Taking climate and agriculture lessons from the ancient world

Carolyn Wong / University of Toronto Mississauga 

Source - http://www.utm.utoronto.ca/main-news-research-news-general/taking-climate-and-agriculture-lessons-ancient-world

For over 35 years, U of T Mississauga archaeology professor Gary Crawford has been studying the ancient archaeological and ecological past of China, Korea and Japan to shed light on the environmental issues of the present.


Now, with recent funding from the Social Sciences & Humanities Research Council of Canada (SSHRC), Crawford will be able to bring his work – and the work of international researchers – to a new level by establishing the Centre for Historical Ecology in Northeast Asia at U of T Mississauga.

“Archaeological research in Asia has developed over the years and there are so many fascinating projects but most of the research groups aren’t collaborating,” Crawford explains. “I’ve always had a dream that if we could get the principal researchers together to consider similar issues, we could advance our thinking about what happened in the past very quickly.”

By studying the responses of early people to climate change and investigating the impact of human populations on local ecology during the time span between 20,000 to 3,000 years ago, modern society can better understand contemporary issues such as global warming, sustainability and innovations in crops. 

“Northeast Asia has faced many ecological shifts—some natural, while others were caused by people through agriculture and urbanization. When the last Ice Age ended, the climate went from an intense deep freeze to milder conditions by about 13,000 years ago, quickly cooled for a thousand years, then became quite warm from about 8,000 to 4,000 years ago,” Crawford says.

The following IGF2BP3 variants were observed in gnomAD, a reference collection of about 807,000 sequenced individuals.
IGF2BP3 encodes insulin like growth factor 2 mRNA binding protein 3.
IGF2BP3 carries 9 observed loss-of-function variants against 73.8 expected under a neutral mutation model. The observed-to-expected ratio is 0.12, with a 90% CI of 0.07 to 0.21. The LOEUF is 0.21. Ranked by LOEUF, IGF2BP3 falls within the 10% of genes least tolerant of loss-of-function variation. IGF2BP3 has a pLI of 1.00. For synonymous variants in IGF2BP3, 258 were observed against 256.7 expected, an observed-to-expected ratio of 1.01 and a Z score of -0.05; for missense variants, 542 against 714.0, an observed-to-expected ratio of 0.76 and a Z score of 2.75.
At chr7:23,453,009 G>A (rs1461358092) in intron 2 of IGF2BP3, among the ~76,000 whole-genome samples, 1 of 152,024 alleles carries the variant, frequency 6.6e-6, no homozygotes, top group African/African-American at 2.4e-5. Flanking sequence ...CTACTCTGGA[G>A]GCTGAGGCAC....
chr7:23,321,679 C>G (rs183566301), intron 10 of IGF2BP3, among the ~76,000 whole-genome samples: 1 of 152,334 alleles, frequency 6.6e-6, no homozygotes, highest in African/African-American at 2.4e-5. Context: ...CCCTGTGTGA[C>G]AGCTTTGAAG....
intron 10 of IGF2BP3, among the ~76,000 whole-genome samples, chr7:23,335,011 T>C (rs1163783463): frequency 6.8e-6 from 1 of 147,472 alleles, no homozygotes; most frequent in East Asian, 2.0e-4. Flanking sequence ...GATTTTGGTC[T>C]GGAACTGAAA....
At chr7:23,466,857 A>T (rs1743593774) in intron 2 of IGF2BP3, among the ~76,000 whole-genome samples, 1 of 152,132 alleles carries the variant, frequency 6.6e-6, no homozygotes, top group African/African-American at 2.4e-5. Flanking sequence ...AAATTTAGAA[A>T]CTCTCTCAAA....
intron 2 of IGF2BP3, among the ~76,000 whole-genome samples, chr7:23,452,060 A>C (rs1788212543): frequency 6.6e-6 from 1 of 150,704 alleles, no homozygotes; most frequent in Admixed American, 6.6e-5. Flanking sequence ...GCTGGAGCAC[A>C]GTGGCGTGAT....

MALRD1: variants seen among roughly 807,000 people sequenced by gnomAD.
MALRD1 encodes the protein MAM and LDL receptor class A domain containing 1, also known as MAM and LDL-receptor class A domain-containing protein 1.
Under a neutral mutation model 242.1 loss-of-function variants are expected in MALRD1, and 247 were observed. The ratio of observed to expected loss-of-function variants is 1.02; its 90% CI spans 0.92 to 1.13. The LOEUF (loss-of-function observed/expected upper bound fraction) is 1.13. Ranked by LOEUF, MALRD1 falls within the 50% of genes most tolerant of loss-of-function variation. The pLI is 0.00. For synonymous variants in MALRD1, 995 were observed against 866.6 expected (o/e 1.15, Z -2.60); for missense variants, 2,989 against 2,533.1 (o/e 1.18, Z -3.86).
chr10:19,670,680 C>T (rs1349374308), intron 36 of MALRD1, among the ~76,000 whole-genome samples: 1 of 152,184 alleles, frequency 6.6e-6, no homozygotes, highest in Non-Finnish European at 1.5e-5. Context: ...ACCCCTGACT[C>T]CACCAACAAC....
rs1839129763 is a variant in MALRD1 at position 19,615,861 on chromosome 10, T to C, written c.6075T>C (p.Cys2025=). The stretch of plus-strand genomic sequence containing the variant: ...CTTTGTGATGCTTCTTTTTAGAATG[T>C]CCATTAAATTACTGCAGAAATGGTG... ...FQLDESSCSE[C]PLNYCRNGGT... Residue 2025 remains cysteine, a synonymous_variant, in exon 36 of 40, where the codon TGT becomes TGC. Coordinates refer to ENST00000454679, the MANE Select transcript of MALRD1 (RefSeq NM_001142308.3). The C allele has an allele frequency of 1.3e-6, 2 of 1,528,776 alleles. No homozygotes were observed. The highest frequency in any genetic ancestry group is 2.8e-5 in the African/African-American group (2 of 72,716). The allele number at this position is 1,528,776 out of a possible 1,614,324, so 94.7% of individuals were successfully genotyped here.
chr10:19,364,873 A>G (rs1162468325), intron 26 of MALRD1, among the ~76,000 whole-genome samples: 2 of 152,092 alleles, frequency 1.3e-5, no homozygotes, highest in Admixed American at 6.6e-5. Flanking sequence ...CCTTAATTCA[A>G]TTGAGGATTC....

Over time, people engineered their environment in various ways in response to these changes. The research team will explore the extent to which the different cultures in Northeast Asia successfully constructed their worlds to meet the challenges of their time and place.

“Climate has not been constant, so the challenges that we’re facing, our ancestors faced – how did they deal with it?”

The Centre for Historical Ecology in Northeast Asia will play a key role in finding answers to that very question by providing opportunities for collaboration amongst researchers from all over the world. So far, the centre boasts an impressive list of partners including:UC Berkeley, Archaeological Research Facility; Stanford University, Stanford Archaeology Center; University of Oregon, Center for Asian and Pacific Studies; the Royal Ontario Museum; Shandong University; German Archaeological Institute, Berlin; Chinese Acadenmy of Social Sciences; Institute of Vertebrate Paleontology and Paleoanthropology at The Chinese Academy of Sciences; and Hakodate Jomon Culture Centre.
Over the next three years, the centre will act as a central communication hub to enable ongoing collaboration, facilitate learning opportunities for graduate students at the different partner institutions, and organize rotating workshops hosted at each institution beginning with U of T Mississauga in the fall.

The workshops will allow the partners to develop a common research agenda, present and discuss research findings and brainstorm ways to share their insights on dealing with current environmental issues with the general public through exhibits and lectures.
Crawford believes that with federal funding programs such as SSHRC, Canada is able to take the initiative to develop such valuable partnerships and leverage the knowledge of the ancient past to contribute to solving today’s problems.

“This project has no limits, that’s what’s exciting about it. There are going to be unanticipated discoveries from our meeting of the minds,” Crawford says. “Those surprises, those unexpected developments of knowledge are incredibly satisfying.”